tracing and family reunification easier. Early 2005, these organizations also drafted Guiding Principles on
Unaccompanied and Separated Children in Tsunami-affected Countries and on Psychosocial Care and Protection
of Tsunami-affected Children.
Practical insight was gained and best practices on the rights and best interests of separated children have been
collected through the Separated Children in Europe Programme, which UNHCR and Save the Children
established in 1998.
Priority Issue #2 Sexual Exploitation, Abuse and Violence
Sexual exploitation, abuse and violence often increase during flight. Boys and girls of all age groups are at risk,
but adolescent girls are the principal targets. Certain groups of refugee children are particularly at risk:
• unaccompanied and separated girls, including those living in foster care, or with relatives
• child-headed households
• girls and boys in detention
• girls and boys associated with fighting forces
• mentally and physically disabled girls and boys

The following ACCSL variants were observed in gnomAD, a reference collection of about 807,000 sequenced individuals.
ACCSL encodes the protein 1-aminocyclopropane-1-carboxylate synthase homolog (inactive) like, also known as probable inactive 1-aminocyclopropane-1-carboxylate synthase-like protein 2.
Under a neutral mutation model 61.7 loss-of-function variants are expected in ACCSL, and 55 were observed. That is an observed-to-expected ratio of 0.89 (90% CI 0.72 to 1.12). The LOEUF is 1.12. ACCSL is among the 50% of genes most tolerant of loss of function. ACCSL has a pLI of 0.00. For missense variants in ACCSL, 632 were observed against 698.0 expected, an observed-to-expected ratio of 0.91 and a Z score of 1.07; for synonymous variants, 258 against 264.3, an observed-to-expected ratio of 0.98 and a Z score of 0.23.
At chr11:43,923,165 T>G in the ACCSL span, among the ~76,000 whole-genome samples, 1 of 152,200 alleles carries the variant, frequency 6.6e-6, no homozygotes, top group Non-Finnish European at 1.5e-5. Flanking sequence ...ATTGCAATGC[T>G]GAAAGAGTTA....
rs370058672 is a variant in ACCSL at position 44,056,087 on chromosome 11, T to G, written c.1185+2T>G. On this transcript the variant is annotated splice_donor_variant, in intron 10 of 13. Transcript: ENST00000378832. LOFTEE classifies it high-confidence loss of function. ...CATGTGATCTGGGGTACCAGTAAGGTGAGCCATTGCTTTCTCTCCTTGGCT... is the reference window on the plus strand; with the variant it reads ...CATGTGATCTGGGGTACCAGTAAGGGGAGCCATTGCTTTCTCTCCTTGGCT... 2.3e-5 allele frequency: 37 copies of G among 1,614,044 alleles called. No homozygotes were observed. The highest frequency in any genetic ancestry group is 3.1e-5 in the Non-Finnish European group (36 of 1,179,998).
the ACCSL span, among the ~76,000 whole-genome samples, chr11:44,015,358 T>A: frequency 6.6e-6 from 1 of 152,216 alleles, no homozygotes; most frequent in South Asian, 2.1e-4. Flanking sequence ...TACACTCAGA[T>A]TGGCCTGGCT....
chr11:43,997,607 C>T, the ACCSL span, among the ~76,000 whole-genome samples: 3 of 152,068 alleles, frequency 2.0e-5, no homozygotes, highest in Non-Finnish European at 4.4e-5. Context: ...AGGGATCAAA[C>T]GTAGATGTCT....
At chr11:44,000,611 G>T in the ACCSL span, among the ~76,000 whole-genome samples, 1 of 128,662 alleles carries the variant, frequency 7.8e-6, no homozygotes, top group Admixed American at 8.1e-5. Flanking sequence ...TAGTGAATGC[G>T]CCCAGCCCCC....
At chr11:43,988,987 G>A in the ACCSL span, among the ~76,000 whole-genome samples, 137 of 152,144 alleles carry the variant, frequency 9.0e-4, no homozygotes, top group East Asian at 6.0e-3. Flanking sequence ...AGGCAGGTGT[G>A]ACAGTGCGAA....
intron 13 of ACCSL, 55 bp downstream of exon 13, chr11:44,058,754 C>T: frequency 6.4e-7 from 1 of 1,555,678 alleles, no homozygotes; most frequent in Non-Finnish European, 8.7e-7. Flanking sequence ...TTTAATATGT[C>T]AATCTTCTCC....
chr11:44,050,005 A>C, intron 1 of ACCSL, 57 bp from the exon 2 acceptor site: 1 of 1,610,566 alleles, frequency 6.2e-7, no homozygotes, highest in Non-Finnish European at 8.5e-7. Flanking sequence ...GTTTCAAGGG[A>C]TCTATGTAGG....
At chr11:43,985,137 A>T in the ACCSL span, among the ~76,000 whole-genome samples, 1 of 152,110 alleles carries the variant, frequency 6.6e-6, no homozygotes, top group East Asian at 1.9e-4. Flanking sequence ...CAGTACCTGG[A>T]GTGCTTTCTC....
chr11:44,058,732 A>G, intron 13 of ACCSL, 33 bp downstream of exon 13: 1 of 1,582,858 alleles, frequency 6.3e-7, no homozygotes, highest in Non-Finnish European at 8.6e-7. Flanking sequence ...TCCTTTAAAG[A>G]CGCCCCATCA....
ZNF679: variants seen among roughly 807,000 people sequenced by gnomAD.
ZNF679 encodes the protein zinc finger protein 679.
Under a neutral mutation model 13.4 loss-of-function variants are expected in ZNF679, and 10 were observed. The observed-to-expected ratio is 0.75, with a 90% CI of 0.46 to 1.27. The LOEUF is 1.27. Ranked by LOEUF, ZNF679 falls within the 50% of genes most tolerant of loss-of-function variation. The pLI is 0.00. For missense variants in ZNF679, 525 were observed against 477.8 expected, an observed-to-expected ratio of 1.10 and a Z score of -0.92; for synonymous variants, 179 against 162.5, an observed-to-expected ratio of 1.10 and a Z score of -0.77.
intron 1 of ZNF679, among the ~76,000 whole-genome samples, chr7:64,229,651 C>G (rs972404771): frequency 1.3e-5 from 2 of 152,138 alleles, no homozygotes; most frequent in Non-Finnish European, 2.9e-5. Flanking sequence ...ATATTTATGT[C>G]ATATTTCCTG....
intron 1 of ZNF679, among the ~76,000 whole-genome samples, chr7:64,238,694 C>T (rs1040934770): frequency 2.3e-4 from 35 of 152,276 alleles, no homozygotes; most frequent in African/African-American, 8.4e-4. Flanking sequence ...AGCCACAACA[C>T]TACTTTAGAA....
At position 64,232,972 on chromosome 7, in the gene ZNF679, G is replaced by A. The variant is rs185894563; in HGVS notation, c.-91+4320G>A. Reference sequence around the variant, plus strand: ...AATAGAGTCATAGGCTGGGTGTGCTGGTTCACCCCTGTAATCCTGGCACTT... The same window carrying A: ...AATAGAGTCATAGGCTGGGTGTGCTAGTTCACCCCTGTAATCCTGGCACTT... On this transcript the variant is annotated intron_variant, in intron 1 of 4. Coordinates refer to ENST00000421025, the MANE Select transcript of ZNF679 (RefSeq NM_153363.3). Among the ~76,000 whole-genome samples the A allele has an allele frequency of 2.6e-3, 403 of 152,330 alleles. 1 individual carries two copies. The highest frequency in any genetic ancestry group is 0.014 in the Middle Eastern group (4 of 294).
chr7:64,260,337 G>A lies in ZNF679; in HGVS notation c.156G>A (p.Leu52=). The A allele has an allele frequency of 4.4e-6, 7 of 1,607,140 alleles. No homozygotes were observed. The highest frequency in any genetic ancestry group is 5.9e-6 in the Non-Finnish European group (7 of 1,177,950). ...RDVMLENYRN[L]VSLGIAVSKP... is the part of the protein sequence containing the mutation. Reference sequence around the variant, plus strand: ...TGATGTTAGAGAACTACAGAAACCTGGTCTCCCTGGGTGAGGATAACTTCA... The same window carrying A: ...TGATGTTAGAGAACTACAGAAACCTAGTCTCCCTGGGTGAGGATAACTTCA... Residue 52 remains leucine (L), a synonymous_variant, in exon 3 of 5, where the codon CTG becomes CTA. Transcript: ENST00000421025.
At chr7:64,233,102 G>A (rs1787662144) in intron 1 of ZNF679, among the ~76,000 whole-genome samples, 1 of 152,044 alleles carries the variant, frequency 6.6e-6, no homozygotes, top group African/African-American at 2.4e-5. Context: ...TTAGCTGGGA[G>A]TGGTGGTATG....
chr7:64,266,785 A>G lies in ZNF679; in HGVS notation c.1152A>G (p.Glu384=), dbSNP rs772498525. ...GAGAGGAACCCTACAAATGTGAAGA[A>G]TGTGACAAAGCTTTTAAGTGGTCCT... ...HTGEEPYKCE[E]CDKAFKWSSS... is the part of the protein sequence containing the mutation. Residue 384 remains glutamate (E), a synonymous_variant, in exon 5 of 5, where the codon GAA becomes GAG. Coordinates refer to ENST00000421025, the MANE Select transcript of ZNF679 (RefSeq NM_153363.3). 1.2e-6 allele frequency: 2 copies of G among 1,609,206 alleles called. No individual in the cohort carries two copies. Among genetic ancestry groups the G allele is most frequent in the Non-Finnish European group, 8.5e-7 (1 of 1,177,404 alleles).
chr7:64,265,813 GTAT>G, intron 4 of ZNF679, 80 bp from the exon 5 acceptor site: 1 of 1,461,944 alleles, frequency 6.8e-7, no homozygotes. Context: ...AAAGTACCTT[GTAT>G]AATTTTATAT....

• working children
• girl mothers
• girls and boys born to rape victims/survivors
Refugee children, including adolescents, may face various forms of SGBV, such as harmful traditional practices,
trafficking, child prostitution and sexual violence within the family or by strangers. Most cases involve female
victims/survivors and male perpetrators. Fuel and water collection presents severe challenges as well as assistance
shortages leading to child exploitation.
To prevent all forms of sexual violence within refugee communities, UNHCR and its partners run a variety of
programmes to raise awareness on gender issues, human rights, reproductive health, and HIV and AIDS. It is
imperative to involve both girls and boys, including adolescents, in such programmes.
Camp layouts are increasingly being planned in such a way that moving around is safe in all parts of the site.